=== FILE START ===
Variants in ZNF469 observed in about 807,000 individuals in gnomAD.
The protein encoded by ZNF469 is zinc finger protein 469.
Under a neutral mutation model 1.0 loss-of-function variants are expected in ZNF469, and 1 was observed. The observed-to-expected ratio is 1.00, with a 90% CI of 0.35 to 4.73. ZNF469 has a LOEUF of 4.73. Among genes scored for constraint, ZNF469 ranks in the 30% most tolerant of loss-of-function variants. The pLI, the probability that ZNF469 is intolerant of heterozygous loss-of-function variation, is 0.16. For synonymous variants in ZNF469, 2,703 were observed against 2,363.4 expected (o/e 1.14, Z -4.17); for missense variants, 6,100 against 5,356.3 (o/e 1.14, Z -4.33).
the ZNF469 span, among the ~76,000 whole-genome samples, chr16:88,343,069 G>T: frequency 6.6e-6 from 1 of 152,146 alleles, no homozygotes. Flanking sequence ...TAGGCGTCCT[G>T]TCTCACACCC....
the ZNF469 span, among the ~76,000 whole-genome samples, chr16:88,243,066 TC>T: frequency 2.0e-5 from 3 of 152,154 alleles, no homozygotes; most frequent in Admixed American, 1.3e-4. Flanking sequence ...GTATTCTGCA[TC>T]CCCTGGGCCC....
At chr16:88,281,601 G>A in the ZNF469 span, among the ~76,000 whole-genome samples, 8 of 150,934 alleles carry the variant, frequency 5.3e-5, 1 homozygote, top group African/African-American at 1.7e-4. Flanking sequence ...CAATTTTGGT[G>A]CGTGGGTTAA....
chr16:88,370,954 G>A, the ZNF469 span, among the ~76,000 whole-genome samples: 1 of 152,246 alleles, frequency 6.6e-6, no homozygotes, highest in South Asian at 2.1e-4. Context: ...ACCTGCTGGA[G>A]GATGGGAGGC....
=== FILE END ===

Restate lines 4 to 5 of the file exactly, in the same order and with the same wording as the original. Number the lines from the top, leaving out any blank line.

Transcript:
the ZNF469 span, among the ~76,000 whole-genome samples, chr16:88,343,069 G>T: frequency 6.6e-6 from 1 of 152,146 alleles, no homozygotes. Flanking sequence ...TAGGCGTCCT[G>T]TCTCACACCC....
the ZNF469 span, among the ~76,000 whole-genome samples, chr16:88,243,066 TC>T: frequency 2.0e-5 from 3 of 152,154 alleles, no homozygotes; most frequent in Admixed American, 1.3e-4. Flanking sequence ...GTATTCTGCA[TC>T]CCCTGGGCCC....